Verse 1: And the word of Samuel came (or, came to pass; Heb. was) to all Israel. Now Israel went out against the Philistines to battle, and pitched beside (1 Sam. 5:1; 7:12) Eben-ezer: and the Philistines pitched in Aphek.
[And the word of Samuel came to all Israel, וַיְהִ֥י דְבַר־שְׁמוּאֵ֖ל לְכָל־יִשְׂרָאֵ֑ל] With these words, the Vulgate and the Chaldean close the preceding chapter (Mendoza). [But the Chaldean is incorrectly alleged, which with these words begins the fourth chapter; nevertheless, the Syriac and Arabic thus order it.] They translate it, and the word of Samuel was to all Israel (Montanus, similarly Munster, Pagnine, Tigurinus, Syriac). And the word was spoken, etc.; that is, he preached to all the people, and exhorted them to repent (Osiander). The word was, etc. The Lord through Samuel commanded the children of Israel (who were consulting the Lord about this matter [Hebrews in Vatablus]) to advance against the Philistines, so that thus they might be punished for their sins (Munster). A little later, to them Samuel said what things he had heard from the Lord; namely, concerning resisting the Philistines, and undertaking an expedition against them (Vatablus). Hence the question in verse 3, Why hath the Lord smitten, etc.? That is to say, since we undertook this expedition at the commandment of God, why does He now afflict us (Hebrews in Vatablus)? God often leads into a fight those whom He suffers to be overcome in that fight; as in Judges 20. Others: the word was made, that is, set forth by Samuel; that it it was going to happen that the people would be defeated by the Philistines. If it is true, and Israel did not submit to the warning of Samuel, they were deservedly punished for their perfidy (Mendoza). [Others translate the words otherwise:] And Samuel was accredited to all Israel to be a Prophet to the Lord (Septuagint). And the word of Samuel was known to all Israel (Syriac). And the speech of Samuel was made, worthy of faith among all Israelites (Arabic). Others: the speech of Samuel came to pass, etc. (Junius and Tremellius, Piscator, Drusius). Was is in the place of came to pass, as in Genesis 24:15; 41:13 (Malvenda, Drusius). And the speech of Samuel came to pass to all Israel, when the Israelites went out, etc. (Junius and Tremellius). Speech; namely, that which was related in 1 Samuel 3:11, etc (Piscator). For he had denounced evils, not only against the house of Eli, but also against Israel, 1 Samuel 3:11, etc. (Junius). What things Samuel had predicted both to the house of Eli, and to the Israelites, actually happened when the Israelites went forth to war, etc. (Malvenda).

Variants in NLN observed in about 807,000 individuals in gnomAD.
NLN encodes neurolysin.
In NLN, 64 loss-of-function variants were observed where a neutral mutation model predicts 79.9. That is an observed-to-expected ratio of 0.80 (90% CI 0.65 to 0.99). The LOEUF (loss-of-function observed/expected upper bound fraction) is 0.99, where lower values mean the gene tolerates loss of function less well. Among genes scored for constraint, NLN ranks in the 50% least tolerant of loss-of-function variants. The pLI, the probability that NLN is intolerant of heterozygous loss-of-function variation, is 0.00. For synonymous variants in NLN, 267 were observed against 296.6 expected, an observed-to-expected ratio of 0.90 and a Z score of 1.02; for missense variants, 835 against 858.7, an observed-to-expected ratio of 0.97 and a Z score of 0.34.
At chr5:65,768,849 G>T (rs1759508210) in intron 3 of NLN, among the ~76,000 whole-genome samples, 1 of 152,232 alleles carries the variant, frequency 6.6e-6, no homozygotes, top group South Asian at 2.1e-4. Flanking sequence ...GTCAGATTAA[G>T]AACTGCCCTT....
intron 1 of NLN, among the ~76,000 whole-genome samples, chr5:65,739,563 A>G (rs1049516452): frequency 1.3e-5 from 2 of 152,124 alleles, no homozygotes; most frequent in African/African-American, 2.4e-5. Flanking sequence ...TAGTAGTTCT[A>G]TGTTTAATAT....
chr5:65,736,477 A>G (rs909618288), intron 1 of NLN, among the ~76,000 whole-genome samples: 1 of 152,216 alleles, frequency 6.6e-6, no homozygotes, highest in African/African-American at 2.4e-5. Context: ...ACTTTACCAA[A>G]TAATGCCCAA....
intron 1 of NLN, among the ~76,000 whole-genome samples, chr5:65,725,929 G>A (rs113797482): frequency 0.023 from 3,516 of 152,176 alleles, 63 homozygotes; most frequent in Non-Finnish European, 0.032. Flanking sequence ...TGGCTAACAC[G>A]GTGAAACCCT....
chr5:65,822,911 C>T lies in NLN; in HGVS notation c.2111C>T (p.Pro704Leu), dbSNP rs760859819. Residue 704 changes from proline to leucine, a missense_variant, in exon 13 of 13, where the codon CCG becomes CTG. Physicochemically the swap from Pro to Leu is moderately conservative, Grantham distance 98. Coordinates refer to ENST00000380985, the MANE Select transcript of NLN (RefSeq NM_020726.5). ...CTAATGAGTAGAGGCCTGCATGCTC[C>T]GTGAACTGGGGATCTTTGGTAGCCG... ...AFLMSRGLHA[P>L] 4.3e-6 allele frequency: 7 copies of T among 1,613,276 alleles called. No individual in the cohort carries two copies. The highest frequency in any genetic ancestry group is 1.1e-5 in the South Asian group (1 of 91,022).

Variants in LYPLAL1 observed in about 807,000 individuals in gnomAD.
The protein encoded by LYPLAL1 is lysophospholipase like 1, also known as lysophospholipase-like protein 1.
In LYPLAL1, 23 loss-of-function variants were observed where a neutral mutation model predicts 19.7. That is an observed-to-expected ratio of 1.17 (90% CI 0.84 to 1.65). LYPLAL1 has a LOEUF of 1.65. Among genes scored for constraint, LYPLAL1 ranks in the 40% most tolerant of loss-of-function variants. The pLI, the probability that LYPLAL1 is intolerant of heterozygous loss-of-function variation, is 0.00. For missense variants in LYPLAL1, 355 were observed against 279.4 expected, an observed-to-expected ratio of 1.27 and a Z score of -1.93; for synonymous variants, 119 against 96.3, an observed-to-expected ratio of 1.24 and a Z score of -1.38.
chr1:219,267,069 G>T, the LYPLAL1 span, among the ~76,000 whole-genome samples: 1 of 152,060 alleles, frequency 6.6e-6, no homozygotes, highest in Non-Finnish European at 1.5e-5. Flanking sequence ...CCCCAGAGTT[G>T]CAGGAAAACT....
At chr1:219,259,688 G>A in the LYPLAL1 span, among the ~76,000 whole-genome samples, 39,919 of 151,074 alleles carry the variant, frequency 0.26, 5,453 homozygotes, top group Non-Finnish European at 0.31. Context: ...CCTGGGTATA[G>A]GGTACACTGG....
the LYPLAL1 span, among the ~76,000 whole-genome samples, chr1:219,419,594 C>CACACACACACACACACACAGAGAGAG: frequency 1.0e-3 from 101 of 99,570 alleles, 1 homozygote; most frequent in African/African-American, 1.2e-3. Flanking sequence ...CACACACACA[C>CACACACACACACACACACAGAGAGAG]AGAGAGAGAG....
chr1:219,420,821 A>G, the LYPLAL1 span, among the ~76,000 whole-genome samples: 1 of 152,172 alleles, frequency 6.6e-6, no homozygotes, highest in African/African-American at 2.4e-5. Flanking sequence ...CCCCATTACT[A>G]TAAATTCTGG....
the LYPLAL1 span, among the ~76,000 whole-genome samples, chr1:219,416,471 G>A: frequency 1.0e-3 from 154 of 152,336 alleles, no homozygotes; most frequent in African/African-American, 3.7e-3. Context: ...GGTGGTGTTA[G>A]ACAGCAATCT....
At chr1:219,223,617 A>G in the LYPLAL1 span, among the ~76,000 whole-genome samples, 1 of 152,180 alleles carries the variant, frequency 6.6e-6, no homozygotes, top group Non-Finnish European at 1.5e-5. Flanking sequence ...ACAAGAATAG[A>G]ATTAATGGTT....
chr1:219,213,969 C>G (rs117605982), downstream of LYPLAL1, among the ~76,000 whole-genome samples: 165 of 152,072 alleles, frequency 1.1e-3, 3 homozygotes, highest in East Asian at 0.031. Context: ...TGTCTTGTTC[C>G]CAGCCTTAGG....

The word of Samuel, that is, the word of the Lord revealed to Samuel, and by him to the people; either, first, The prophetical word mentioned before, 1 Samuel 3:11, etc., which is here said to come, or to come to pass, as it was foretold, to all Israel. But the subject of that prophecy was not all Israel, but Eli and his house, as is evident. Or rather, secondly, A word of command, that all Israel should go forth to fight with the Philistines, as the following words explain it, that so they might be first humbled and punished for their sins, and so prepared by degrees for their future deliverance.
[And it happened in those days] Understand not (with Tostatus Abulensis and Serarius) the days immediately following; but eighteen or twenty-eight years after that Prophecy, which happened when Samuel was twelve. Now, this war, in which Eli died, happened when Samuel was thirty or forty years old (Mendoza, Lapide). For, at the death of Eli, Samuel immediately succeeded unto the prefecture of the people. Therefore, he was older, and of a more mature age (Lapide).